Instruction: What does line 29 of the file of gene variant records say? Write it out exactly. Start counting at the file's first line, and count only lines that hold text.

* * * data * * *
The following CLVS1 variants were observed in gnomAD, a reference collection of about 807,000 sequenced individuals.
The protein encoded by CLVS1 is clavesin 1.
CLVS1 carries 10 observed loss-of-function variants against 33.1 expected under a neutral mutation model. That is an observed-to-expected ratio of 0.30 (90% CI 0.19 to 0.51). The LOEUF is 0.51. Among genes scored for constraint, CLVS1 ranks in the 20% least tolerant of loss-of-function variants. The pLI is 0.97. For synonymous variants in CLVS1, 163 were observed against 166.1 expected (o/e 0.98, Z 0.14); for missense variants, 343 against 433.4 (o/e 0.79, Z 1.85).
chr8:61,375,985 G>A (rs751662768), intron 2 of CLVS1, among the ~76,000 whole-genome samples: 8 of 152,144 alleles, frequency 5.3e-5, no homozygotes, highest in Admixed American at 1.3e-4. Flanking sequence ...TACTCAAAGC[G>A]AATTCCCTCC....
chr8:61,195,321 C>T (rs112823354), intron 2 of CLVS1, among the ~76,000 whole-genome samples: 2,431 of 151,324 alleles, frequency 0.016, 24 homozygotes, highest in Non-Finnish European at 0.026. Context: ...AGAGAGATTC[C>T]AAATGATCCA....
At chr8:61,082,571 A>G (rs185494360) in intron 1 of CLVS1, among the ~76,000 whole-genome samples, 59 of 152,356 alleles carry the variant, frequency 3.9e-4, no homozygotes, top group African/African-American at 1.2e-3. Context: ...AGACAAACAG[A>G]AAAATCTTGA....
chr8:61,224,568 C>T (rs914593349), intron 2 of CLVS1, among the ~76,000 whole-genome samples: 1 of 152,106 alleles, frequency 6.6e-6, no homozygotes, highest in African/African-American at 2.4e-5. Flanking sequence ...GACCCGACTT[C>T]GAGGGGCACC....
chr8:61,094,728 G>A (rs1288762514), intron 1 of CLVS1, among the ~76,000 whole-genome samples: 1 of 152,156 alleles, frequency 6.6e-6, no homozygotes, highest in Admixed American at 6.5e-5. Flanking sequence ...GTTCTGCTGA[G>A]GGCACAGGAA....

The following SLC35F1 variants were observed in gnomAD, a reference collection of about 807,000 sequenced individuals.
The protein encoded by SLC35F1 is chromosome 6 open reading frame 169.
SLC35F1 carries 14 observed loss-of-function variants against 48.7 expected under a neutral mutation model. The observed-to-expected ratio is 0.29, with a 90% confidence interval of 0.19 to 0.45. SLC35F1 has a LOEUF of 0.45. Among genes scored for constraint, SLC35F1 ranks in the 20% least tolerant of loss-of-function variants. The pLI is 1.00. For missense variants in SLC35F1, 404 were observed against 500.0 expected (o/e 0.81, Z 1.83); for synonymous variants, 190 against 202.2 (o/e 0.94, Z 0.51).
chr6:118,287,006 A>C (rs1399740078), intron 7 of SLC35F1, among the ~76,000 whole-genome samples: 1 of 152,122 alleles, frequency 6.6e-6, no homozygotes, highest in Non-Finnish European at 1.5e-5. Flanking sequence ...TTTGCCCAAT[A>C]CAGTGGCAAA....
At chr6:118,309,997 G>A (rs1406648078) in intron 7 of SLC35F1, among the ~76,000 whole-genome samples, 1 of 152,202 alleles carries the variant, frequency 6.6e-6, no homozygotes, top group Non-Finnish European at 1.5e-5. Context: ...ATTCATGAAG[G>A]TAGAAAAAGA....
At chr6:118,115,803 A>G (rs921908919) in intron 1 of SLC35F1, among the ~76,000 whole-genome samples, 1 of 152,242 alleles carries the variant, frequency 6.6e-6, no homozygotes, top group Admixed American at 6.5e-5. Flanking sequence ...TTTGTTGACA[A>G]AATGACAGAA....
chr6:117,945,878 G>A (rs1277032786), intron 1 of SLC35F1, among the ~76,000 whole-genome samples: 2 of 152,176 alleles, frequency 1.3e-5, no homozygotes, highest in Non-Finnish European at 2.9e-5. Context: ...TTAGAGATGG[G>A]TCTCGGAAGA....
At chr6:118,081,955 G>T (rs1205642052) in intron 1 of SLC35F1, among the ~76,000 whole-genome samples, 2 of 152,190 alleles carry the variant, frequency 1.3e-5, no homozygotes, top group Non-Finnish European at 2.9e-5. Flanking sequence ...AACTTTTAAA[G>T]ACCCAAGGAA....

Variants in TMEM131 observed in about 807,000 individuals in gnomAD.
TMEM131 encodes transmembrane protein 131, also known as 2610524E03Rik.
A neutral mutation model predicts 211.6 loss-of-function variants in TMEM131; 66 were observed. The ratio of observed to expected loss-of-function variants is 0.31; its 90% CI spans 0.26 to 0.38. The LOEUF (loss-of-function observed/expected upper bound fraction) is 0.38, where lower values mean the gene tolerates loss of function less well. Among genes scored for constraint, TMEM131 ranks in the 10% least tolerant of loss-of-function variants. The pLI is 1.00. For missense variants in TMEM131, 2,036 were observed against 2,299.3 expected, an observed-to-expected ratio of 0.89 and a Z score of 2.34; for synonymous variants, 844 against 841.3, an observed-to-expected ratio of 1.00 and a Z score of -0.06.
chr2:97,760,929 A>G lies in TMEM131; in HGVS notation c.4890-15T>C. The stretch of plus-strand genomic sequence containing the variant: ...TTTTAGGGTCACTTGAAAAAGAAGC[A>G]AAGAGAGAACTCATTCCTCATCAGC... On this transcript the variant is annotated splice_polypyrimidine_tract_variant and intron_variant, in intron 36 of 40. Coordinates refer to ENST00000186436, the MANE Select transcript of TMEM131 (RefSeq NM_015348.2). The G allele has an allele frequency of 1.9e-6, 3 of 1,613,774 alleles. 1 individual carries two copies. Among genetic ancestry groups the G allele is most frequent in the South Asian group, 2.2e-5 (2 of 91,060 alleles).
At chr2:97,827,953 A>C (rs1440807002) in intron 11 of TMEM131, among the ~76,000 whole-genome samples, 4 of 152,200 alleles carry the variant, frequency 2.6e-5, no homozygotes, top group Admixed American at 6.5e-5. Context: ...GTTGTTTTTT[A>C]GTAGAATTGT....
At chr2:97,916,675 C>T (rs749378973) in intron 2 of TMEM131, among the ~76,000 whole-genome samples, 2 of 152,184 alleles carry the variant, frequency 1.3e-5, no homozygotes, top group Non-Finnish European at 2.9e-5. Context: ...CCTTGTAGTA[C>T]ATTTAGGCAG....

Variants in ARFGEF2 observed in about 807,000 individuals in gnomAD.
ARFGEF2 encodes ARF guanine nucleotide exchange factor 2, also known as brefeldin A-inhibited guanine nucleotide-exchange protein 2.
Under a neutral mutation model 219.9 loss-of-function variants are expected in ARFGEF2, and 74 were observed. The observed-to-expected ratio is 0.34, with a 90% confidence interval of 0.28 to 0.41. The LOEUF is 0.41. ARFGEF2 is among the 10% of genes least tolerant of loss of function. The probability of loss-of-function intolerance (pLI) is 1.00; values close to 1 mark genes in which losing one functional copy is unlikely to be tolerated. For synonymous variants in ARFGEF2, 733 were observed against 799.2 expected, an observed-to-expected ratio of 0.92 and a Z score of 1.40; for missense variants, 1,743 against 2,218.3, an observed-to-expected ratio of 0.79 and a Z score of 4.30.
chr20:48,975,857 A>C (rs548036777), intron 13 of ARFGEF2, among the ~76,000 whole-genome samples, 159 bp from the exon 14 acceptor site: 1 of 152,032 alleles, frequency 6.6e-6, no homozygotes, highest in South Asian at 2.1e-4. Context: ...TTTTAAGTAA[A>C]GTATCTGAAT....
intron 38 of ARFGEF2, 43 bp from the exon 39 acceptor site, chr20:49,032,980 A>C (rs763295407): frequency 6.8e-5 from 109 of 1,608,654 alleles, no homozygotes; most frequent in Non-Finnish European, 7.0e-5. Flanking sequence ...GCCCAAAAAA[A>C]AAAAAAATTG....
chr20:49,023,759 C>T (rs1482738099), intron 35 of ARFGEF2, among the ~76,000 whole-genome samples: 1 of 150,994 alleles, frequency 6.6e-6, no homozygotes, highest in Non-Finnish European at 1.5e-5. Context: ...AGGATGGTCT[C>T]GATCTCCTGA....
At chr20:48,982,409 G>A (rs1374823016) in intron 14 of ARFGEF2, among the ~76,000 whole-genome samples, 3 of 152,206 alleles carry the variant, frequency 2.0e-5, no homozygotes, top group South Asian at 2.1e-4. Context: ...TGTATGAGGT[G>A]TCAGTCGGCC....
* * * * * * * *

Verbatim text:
At chr20:48,982,409 G>A (rs1374823016) in intron 14 of ARFGEF2, among the ~76,000 whole-genome samples, 3 of 152,206 alleles carry the variant, frequency 2.0e-5, no homozygotes, top group South Asian at 2.1e-4. Context: ...TGTATGAGGT[G>A]TCAGTCGGCC....